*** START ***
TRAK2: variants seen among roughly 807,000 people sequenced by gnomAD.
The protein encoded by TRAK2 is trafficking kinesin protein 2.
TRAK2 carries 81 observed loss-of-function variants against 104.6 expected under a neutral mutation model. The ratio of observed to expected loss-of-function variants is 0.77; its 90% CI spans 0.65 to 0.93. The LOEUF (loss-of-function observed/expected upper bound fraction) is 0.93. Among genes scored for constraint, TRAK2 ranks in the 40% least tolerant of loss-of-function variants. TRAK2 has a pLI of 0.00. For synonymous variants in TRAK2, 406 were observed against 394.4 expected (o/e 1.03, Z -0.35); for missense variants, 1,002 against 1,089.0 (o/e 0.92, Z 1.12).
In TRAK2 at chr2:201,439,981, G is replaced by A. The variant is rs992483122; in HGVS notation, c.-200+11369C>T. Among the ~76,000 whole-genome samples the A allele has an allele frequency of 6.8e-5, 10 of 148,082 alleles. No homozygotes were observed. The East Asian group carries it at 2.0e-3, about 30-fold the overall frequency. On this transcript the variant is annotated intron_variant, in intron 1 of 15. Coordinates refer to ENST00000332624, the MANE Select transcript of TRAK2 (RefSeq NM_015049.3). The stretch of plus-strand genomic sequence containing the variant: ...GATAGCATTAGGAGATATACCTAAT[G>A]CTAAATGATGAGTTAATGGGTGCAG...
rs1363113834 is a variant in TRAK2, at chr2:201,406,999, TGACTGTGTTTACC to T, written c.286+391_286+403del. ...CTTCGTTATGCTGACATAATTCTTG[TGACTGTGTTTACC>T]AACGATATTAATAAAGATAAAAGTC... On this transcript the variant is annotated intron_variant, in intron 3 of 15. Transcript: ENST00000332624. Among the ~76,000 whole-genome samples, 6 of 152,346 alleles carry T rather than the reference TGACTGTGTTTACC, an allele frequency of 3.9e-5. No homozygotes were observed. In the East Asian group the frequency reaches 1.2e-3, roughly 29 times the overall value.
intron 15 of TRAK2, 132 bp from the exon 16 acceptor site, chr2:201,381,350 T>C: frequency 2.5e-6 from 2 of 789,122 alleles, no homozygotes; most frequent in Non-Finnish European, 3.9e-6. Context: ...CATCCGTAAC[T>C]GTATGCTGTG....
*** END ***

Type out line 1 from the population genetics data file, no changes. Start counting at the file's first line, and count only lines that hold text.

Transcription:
TRAK2: variants seen among roughly 807,000 people sequenced by gnomAD.